Artworks featured in New World Order include a self-owning, self-exploiting forest with ideas of expansion (Terra0 by P. Seidler, P. Kolling and M. Hampshire); a self-replicating android flower in the form of a metal sculpture that, in return for Bitcoins, commissions an artist to create a new artwork (Plantoid by O’Khaos); an illustrated sci-fi novella dealing with the implications of a new wave of fully financialised planetary-scale automation (Bad Shibe by R. Myers and L. Theodorou); and a film collecting different takes on blockchain technologies by leading thinkers, computer scientists, entrepreneurs, artists and activists (The Blockchain – Change Everything Forever by P. Gomes), among other things.

Simply put, the blockchain is a network communication protocol based on a distributed database that stores records on different connected computers simultaneously. These are collected in blocks and cryptographically secured. Functionally, a blockchain serves as an open, distributed ledger that can permanently record and verify transactions between two parties.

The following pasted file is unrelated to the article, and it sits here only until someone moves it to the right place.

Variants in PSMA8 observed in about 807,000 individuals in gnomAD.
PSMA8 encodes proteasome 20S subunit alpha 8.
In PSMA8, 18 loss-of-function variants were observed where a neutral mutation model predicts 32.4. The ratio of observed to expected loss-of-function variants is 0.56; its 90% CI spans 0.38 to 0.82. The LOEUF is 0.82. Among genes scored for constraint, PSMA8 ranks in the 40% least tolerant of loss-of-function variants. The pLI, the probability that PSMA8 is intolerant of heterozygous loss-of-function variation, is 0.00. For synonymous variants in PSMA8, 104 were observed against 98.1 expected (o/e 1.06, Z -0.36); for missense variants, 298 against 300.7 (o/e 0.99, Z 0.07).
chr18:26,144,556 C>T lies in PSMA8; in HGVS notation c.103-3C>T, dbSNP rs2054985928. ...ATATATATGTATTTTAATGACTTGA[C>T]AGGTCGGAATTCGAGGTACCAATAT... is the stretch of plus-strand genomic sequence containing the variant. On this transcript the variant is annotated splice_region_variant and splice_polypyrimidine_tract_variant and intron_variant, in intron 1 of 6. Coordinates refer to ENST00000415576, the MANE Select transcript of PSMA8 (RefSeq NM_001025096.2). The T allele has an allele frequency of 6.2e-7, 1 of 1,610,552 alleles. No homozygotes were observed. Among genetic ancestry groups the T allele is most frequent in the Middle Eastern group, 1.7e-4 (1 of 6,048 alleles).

First conceptualized in 2008 and implemented as a core component of the digital currency Bitcoin, blockchains are now being applied to many different fields, including finance, insurance, communications and healthcare. For promoters its promise lies in the removal of third party mediators, from internet providers to banks. It’s no surprise therefore that, like the Web in the Nineties, the blockchain elicits a passionate debate and new utopian visions for the future of communication technologies.The exhibition is part of a large-scale programme of publications, workshops and talks that brings together leading international artists and writers from across the globe. Launched at Furtherfield Gallery in London’s Finsbury Park in May 2017, it is now touring to Aksioma Project Space in Ljubljana, Slovenia, and in February 2018, to the Filodrammatica gallery in Rijeka, Croatia.